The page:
Longform Journalism – Forget About the Price Tag

When I started researching stories and statistics for this blog post, I didn’t know much about longform journalism. So, I got comfy in my swivel chair and, of course, implemented my first course of action – Googling the term. The search engine brought me first to Esquire magazine’s recent foray into pay-per-article longform, then to a review of the website Narrative.ly. And just like that, this form of reporting of which I had never heard had captured my heart.

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Longform journalism is just what its name implies: a longer form of journalism – more specifically, with pieces about 2,000 words and up. Such length is “too long” for smartphone-notification-era news, so the style has been relegated to its own genre. Longform journalism stories also differ from “regular” news in that they focus on more detailed individual experiences as opposed to newsy bytes of information. Esquire, as previously mentioned, recently published Luke Dittrich’s 10,000-word longform piece “The Prophet,” based on the life of Dr. Eben Alexander who claimed that he had seen heaven. In addition to being accessible by subscribers of the print or online version of the magazine, it is also available as a standalone story to any reader willing to pay $1.99 for it.

This issue of payment is my current snafu with longform journalism, and one that seems to be shared by other writing and news enthusiasts. I have to pay $2 for one story? Really? I’m a member of an age where news is free, accessible and constant – not to mention a college student trying to scrape together an income while balancing an internship. For people like me, that little dollar sign looks like one big obstacle. Sites like Narrative.ly provide me with a similar format of news (if not a little shorter and a less publicized) for free, so do I have any excuse not to save my money?

And then the other side – Dittrich’s piece looks fascinating, the kind of human-to-human news that isn’t getting reported with frequency anymore. $1.99 is probably a small price to pay for the research and hard work that undoubtedly went into the story. As Esquire editor-in-chief David Granger stated, “Stories like Dittrich’s matter and they don’t come along often…great journalism—and the months that go into creating it—isn’t free.”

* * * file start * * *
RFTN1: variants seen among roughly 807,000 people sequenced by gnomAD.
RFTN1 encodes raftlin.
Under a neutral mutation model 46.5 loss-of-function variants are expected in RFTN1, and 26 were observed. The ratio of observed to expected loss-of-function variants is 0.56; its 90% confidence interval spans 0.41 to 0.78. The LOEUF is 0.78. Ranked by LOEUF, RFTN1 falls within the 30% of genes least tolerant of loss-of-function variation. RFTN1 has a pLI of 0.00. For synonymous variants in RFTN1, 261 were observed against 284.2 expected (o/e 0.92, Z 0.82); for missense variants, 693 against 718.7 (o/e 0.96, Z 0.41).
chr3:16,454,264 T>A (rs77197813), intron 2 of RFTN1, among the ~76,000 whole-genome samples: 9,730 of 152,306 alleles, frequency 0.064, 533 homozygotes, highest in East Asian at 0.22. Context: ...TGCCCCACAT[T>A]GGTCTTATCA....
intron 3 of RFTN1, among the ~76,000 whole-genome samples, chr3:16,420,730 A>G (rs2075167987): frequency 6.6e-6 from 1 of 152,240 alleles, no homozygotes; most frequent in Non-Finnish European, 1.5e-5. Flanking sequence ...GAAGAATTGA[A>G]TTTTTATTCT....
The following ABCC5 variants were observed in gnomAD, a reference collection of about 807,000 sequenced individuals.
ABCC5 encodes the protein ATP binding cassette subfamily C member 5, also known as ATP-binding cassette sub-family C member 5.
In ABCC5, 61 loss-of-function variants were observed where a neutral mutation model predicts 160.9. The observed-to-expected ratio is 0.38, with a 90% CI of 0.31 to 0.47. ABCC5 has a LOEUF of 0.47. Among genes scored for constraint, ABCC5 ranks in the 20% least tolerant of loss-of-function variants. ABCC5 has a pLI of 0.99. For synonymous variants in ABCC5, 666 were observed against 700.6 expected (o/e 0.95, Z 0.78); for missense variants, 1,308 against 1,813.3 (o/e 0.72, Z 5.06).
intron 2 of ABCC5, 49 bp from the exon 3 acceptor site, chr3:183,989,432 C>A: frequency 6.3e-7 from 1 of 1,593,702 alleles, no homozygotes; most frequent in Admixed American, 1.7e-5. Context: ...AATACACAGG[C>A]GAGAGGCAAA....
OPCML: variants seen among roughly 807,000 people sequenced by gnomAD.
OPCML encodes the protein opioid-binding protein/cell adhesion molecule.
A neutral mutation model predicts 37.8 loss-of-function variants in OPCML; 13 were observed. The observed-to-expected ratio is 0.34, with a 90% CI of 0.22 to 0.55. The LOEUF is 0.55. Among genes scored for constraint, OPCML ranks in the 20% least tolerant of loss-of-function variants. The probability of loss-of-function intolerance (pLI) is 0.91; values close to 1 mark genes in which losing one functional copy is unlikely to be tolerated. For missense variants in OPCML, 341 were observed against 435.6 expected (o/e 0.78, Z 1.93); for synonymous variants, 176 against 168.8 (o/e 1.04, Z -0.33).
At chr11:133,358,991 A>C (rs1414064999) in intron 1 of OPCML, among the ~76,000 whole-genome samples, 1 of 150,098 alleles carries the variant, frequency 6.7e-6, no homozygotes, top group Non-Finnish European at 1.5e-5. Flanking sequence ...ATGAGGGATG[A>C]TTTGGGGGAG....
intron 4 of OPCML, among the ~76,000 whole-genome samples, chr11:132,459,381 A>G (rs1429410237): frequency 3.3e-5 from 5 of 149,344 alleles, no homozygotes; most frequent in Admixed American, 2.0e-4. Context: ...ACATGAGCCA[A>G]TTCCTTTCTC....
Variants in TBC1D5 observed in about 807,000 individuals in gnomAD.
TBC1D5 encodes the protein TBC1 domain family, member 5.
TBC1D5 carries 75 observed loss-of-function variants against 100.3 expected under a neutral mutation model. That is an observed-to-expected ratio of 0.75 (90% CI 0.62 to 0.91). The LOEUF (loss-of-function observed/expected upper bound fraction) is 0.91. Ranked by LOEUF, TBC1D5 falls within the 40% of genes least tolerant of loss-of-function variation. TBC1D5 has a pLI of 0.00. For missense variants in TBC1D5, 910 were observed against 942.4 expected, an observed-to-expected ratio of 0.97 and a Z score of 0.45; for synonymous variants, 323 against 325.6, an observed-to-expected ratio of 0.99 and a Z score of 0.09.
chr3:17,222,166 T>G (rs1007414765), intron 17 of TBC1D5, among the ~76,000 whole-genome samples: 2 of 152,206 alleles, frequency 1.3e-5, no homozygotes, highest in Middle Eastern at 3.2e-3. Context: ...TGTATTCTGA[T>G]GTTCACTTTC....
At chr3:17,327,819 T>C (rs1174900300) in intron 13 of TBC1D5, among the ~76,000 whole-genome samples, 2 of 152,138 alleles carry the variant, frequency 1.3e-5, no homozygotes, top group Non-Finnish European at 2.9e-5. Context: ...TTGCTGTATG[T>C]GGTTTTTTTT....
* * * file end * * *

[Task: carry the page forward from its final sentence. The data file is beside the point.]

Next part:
Shouldn’t I be willing to part with two dollars – barely the cost of a cup of coffee – in support of a hardworking writer who has a story worth telling?

Unfortunately, that’s not enough justification for me. In between paragraphs of this post, I’ve subscribed to Narrative.ly’s e-mail newsletter and read a memoir-esque piece called “How to Play in a Sprinkler,” all without paying a cent. Granted, I understand this isn’t exactly hard-hitting news – but I have my iPhone and newspapers to tell me about current events. Longform journalism gives me a more detailed, narrative experience of news, and in this respect, I think singer Jessie J nailed it in declaring “it’s not about the money.”

So to all you content marketers, don’t be afraid to extend yourselves. There’s a real desire in today’s world for information that is personal and well-thought-out as opposed to quick and easy. Perhaps more importantly, there’s a real profundity in investing time and effort to fully engage an audience. If you’re moving towards your umpteenth tweet of the week, consider a different method of updating your followers; a personal testimonial, a genuine anecdote, something with more depth than a one-line Facebook status to express your goals. It’s not easy, but it just might be worth your while. And please, when it comes to conveying news, forget about the price tag.

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